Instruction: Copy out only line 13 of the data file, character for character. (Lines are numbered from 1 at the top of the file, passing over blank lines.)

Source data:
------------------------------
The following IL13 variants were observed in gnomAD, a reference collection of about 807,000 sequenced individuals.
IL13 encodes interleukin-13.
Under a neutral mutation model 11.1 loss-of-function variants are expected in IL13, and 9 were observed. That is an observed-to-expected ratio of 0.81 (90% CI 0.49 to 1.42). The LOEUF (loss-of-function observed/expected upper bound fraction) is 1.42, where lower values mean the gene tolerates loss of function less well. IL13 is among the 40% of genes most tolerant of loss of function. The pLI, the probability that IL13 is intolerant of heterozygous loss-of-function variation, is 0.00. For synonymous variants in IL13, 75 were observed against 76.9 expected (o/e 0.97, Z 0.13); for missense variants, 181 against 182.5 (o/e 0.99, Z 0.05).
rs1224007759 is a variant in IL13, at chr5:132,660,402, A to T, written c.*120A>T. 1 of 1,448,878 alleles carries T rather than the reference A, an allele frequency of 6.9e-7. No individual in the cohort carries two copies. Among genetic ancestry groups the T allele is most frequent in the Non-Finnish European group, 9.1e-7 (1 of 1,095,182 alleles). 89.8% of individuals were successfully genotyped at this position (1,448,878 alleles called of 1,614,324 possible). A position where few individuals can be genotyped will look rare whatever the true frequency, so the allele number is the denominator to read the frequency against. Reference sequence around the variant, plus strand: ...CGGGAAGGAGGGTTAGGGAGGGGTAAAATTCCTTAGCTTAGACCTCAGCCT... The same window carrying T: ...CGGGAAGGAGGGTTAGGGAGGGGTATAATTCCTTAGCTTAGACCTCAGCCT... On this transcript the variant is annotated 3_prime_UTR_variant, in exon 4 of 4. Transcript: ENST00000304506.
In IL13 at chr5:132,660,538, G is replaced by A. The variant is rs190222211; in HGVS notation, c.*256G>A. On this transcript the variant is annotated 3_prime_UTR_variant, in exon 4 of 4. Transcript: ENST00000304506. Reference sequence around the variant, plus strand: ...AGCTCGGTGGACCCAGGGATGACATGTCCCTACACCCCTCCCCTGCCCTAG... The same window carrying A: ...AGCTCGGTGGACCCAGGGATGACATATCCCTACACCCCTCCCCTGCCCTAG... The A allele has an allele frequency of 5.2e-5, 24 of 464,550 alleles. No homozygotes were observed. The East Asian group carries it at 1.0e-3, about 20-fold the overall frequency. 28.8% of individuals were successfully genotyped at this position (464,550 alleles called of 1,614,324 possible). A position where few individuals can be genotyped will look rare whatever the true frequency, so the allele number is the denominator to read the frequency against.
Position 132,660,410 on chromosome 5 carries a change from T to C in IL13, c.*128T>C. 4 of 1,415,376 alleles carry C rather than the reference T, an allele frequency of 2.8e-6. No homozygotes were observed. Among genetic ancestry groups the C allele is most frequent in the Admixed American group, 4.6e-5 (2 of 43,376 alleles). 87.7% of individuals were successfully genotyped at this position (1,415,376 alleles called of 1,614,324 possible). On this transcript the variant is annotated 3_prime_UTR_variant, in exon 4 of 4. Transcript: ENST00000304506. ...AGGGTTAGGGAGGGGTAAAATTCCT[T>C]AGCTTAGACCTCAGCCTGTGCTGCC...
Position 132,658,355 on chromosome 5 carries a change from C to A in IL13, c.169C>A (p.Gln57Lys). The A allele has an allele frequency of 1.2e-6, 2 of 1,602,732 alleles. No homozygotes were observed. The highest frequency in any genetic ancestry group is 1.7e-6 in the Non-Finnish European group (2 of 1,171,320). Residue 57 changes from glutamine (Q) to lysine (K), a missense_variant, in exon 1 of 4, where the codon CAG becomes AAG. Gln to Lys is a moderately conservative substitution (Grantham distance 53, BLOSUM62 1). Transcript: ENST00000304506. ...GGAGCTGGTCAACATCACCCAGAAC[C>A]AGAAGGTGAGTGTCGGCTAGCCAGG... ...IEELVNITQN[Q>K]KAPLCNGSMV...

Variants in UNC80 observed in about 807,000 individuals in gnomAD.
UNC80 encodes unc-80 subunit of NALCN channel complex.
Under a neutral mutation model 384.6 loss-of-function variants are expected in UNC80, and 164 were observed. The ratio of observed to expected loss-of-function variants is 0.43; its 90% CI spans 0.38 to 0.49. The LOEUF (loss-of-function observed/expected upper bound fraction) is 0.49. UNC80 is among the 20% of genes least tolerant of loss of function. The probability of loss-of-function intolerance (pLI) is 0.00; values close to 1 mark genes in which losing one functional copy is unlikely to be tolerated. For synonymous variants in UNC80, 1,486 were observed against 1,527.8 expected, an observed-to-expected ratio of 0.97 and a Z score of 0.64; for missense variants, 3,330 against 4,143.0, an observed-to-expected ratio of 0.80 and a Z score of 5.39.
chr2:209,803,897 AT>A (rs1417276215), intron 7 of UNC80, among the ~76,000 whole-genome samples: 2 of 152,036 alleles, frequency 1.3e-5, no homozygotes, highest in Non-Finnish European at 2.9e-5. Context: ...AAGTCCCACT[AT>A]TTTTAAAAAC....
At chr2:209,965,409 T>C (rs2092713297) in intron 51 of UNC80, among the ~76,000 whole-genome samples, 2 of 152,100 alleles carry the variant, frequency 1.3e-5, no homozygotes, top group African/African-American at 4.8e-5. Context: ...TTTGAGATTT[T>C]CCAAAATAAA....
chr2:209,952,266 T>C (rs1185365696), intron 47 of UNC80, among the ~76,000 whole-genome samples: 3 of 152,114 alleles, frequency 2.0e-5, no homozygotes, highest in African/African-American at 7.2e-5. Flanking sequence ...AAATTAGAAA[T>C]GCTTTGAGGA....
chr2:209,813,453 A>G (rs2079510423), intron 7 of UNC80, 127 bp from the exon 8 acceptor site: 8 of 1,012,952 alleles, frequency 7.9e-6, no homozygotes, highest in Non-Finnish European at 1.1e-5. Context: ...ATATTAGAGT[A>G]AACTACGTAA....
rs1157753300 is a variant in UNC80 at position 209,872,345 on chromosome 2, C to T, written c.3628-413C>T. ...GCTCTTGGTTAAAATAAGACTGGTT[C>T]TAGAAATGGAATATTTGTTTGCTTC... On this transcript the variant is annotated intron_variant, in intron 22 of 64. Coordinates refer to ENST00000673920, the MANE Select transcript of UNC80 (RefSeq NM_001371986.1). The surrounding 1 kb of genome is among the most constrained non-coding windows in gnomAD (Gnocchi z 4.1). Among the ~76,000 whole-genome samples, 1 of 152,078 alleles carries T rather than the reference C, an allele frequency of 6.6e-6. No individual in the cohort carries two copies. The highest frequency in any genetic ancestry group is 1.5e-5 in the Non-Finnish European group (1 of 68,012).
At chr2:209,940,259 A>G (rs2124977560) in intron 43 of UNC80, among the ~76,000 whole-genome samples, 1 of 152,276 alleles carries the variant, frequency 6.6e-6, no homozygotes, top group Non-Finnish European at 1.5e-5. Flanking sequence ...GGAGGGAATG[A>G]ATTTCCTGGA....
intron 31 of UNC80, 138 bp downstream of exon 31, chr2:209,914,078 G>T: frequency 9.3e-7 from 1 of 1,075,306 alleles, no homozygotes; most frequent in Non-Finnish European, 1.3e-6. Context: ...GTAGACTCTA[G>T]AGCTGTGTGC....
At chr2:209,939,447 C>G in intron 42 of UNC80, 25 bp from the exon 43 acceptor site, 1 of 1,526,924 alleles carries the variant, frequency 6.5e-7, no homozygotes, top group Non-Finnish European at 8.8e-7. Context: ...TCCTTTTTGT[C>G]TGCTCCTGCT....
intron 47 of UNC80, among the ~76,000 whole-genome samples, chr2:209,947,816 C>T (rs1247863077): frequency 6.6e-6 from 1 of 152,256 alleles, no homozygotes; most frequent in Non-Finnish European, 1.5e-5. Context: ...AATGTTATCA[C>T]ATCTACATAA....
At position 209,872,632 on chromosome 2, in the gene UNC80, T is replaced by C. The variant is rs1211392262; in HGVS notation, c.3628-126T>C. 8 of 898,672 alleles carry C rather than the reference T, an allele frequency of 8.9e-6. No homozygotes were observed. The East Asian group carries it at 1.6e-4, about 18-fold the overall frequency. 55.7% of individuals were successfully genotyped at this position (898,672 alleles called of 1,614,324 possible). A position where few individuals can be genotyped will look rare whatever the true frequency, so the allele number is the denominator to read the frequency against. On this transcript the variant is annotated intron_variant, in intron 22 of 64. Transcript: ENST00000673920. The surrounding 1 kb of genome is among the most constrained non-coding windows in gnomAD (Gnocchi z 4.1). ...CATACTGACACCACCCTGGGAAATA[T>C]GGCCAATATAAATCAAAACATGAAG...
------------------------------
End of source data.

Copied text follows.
chr2:209,952,266 T>C (rs1185365696), intron 47 of UNC80, among the ~76,000 whole-genome samples: 3 of 152,114 alleles, frequency 2.0e-5, no homozygotes, highest in African/African-American at 7.2e-5. Flanking sequence ...AAATTAGAAA[T>C]GCTTTGAGGA....